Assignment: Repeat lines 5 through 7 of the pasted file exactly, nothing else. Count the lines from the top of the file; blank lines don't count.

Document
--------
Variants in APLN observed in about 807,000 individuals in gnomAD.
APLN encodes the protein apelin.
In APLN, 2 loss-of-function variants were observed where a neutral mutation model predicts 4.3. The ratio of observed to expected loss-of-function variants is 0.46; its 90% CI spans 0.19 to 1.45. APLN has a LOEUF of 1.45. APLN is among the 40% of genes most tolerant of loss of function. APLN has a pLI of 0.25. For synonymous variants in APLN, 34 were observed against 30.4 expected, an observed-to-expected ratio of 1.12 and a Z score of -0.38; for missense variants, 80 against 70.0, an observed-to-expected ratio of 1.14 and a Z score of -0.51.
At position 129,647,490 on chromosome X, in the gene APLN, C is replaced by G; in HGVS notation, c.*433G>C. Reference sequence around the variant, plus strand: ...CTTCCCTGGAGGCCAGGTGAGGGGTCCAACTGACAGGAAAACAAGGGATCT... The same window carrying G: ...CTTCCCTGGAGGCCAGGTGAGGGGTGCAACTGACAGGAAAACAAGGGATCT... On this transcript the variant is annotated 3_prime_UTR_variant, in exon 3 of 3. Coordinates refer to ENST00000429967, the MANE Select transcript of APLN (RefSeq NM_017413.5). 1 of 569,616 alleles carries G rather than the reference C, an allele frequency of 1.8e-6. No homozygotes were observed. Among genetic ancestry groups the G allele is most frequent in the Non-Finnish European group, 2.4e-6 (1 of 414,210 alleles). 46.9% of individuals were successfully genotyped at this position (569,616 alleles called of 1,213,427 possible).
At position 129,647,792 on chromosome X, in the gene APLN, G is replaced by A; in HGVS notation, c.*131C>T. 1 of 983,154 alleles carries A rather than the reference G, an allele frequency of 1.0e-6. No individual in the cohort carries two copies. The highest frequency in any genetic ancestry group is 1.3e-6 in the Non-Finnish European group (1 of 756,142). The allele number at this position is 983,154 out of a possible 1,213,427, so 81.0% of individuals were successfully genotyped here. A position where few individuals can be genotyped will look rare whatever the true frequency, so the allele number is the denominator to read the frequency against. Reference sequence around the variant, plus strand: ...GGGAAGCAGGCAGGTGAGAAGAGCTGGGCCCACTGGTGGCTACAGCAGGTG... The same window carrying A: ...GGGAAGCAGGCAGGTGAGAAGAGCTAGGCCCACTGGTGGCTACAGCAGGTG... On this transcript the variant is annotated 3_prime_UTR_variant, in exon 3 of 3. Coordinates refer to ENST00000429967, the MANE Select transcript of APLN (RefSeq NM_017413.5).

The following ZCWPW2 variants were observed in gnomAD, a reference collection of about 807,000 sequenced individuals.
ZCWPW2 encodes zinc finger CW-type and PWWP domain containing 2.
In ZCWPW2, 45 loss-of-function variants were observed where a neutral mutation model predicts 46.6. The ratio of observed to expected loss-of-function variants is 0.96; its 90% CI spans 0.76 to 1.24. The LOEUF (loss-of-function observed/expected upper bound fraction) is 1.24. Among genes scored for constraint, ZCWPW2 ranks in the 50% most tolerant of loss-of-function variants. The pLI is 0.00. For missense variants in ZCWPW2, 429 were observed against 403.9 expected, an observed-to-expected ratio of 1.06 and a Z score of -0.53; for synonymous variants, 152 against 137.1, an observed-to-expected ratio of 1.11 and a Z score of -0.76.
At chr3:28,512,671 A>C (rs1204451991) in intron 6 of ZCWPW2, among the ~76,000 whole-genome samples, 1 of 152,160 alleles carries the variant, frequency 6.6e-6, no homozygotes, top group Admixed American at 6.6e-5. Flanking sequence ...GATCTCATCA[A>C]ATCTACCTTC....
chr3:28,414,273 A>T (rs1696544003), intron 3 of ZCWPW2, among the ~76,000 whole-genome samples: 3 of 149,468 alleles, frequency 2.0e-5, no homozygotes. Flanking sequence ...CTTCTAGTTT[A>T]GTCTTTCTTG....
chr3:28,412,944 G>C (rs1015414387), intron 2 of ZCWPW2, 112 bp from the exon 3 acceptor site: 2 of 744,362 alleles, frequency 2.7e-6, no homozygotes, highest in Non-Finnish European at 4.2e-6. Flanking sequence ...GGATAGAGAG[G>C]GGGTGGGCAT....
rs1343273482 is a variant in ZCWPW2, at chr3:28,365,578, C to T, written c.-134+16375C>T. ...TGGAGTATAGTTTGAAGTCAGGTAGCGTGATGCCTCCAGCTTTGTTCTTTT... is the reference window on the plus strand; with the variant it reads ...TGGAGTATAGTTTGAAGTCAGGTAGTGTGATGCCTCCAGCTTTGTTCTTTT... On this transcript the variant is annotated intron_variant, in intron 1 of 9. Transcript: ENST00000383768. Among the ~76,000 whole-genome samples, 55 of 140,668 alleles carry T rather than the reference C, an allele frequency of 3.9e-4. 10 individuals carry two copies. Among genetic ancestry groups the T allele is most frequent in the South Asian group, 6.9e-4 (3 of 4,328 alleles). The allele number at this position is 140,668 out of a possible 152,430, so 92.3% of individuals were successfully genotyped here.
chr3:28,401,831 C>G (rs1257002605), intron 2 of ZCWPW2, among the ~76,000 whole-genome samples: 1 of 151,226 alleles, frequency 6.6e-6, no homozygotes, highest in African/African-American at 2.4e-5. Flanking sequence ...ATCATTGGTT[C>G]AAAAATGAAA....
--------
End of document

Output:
At position 129,647,792 on chromosome X, in the gene APLN, G is replaced by A; in HGVS notation, c.*131C>T. 1 of 983,154 alleles carries A rather than the reference G, an allele frequency of 1.0e-6. No individual in the cohort carries two copies. The highest frequency in any genetic ancestry group is 1.3e-6 in the Non-Finnish European group (1 of 756,142). The allele number at this position is 983,154 out of a possible 1,213,427, so 81.0% of individuals were successfully genotyped here. A position where few individuals can be genotyped will look rare whatever the true frequency, so the allele number is the denominator to read the frequency against. Reference sequence around the variant, plus strand: ...GGGAAGCAGGCAGGTGAGAAGAGCTGGGCCCACTGGTGGCTACAGCAGGTG... The same window carrying A: ...GGGAAGCAGGCAGGTGAGAAGAGCTAGGCCCACTGGTGGCTACAGCAGGTG... On this transcript the variant is annotated 3_prime_UTR_variant, in exon 3 of 3. Coordinates refer to ENST00000429967, the MANE Select transcript of APLN (RefSeq NM_017413.5).

The following ZCWPW2 variants were observed in gnomAD, a reference collection of about 807,000 sequenced individuals.
ZCWPW2 encodes zinc finger CW-type and PWWP domain containing 2.